Sharks are some of the most diverse and enigmatic creatures that occupy the vast sea. Often we hear about shark spotting around the globe, but sharks are also in Canadian waters. Twenty-eight species of shark have been reported in Canadian waters; fourteen of which can be found in the Pacific and twenty in the Atlantic and Arctic. Although they pose very little threat to humans, many people still fear sharks and are causing their rapid decline.Read More
The ocean is full of sea monsters. That is a pretty well established fact. Any parent who has ever told an insomniac child, awake and trembling at 3AM, that there is no such thing has clearly never seen a picture of a giant squid or an angler fish. Sea monsters range from the very small (jellies) to the unfathomably enormous, but few are as impressive as the basking shark (known to science by the delightfully gladiatorial name of Certorhinus maximus).Read More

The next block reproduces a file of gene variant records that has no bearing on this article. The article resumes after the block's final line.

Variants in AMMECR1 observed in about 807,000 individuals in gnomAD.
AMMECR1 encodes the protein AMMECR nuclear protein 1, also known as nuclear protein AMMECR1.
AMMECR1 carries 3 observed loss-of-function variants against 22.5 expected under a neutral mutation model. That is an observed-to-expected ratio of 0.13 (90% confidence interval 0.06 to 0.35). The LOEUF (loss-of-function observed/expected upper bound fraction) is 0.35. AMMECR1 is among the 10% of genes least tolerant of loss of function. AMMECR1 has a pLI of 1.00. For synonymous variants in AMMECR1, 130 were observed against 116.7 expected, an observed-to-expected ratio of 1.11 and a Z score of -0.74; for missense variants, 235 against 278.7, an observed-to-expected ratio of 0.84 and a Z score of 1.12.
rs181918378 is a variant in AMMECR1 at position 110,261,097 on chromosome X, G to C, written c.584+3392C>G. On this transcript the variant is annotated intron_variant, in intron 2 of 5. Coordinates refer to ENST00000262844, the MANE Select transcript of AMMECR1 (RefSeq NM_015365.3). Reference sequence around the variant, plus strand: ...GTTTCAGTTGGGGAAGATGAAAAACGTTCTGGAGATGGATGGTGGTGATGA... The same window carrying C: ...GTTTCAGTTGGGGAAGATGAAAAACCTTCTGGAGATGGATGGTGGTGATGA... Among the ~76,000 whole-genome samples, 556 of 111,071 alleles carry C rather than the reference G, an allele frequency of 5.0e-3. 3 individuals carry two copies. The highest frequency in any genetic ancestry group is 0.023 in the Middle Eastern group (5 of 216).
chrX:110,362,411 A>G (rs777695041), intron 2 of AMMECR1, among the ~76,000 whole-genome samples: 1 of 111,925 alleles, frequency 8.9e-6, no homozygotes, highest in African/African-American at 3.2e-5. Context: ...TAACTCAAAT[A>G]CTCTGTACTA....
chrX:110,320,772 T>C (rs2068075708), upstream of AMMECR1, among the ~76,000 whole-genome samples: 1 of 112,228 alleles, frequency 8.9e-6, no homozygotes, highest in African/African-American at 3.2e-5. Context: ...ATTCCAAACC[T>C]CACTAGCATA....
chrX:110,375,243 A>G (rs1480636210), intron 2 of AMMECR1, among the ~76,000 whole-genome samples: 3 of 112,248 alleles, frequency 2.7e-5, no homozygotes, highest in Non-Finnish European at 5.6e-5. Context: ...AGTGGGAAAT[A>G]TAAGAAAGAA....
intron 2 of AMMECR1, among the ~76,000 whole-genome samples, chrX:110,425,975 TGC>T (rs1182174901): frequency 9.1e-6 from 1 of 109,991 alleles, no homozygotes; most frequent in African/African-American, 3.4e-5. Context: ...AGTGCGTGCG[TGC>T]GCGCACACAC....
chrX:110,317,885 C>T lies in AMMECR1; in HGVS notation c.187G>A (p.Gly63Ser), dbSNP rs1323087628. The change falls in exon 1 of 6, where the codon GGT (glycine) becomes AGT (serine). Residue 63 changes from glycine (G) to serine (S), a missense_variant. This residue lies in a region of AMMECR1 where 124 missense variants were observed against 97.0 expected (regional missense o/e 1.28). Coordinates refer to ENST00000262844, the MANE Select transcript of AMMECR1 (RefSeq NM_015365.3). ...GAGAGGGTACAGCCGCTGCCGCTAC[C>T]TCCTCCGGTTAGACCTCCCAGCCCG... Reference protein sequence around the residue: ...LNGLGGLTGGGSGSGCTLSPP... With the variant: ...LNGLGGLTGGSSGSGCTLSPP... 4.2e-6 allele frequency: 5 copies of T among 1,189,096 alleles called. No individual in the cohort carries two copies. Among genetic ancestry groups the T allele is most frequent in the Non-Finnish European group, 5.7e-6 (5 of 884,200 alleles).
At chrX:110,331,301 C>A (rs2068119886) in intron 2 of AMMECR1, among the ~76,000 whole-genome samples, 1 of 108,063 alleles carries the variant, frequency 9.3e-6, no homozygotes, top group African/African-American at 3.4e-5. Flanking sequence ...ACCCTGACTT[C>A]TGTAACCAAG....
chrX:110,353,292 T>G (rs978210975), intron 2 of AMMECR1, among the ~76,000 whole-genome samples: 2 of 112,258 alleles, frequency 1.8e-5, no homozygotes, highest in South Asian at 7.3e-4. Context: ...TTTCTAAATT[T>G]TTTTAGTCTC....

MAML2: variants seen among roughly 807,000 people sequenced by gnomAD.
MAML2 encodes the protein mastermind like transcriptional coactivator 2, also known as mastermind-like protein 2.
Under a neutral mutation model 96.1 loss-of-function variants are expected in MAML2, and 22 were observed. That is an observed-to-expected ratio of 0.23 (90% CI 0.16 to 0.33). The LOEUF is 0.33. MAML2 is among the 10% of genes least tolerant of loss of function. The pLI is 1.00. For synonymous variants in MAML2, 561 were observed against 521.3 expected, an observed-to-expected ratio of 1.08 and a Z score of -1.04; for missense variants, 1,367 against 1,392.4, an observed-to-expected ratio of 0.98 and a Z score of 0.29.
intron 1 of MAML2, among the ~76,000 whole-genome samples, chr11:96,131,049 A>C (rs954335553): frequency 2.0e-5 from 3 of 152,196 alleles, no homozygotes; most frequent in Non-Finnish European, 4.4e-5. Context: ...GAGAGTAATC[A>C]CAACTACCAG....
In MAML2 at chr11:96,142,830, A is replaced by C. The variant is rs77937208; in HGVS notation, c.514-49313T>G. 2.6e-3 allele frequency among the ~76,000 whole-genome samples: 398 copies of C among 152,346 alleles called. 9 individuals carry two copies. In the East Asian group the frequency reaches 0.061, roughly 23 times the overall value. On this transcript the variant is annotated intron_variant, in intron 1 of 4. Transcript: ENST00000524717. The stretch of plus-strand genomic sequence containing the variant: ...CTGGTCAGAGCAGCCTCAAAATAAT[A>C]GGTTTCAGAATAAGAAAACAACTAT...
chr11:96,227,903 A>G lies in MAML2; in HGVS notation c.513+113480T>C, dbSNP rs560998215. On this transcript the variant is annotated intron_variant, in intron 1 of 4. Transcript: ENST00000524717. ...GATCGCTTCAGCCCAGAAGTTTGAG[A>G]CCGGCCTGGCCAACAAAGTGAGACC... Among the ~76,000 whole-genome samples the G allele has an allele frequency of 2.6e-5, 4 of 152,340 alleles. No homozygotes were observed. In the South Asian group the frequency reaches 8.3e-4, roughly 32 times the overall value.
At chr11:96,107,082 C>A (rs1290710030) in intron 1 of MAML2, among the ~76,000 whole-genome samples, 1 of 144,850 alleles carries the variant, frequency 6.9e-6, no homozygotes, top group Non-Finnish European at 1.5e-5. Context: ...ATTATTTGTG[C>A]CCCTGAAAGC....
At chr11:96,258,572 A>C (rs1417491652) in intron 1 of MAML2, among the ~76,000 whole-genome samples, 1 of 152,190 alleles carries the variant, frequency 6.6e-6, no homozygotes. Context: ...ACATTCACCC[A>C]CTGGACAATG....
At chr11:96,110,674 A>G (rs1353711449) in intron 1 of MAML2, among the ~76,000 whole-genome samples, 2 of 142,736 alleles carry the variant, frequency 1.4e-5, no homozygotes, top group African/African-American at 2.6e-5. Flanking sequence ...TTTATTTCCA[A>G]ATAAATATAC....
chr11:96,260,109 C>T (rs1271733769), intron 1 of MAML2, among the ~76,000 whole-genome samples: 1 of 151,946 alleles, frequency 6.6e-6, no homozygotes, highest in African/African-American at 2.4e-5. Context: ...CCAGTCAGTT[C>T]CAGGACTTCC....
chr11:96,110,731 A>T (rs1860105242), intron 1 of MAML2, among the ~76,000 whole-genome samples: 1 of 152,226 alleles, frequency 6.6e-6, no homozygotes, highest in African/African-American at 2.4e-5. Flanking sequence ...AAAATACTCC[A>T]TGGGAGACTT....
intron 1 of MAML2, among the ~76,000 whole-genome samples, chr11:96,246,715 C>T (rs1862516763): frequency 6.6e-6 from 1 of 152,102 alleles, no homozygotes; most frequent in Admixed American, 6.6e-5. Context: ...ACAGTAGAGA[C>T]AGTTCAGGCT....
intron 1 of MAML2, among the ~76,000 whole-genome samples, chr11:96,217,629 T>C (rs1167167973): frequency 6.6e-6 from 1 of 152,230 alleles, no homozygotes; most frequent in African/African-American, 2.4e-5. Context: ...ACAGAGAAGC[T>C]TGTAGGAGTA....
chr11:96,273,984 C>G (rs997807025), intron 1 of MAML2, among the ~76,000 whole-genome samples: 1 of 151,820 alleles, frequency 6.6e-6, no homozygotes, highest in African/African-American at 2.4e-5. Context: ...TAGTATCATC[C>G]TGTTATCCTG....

The Greenland shark (Somniosus microcephalus), the second largest carnivorous shark in the world, is also considered to be one of the most mysterious shark species.Read More
With a family tree that goes back about 150 million years, some might call the Bluntnose sixgill shark (Hexanchus griseus) a swimming dinosaur. And since they live most of the year in water too deep for scuba divers to access, they have been shrouded in mystery.
For the record, there are no man-eating sharks in Lake Ontario and no megalodons swim in our seas (I promise they are extinct!). Nonetheless, sharks do inhabit Canadian waters including 21 species in the Atlantic, 16 species in the Pacific, and up to 8 species in the Arctic. However, most Canadians are unaware that included in this list of Canadian sharks is a single visit by the current title holder of ‘world’s largest fish’ – the whale shark.Read More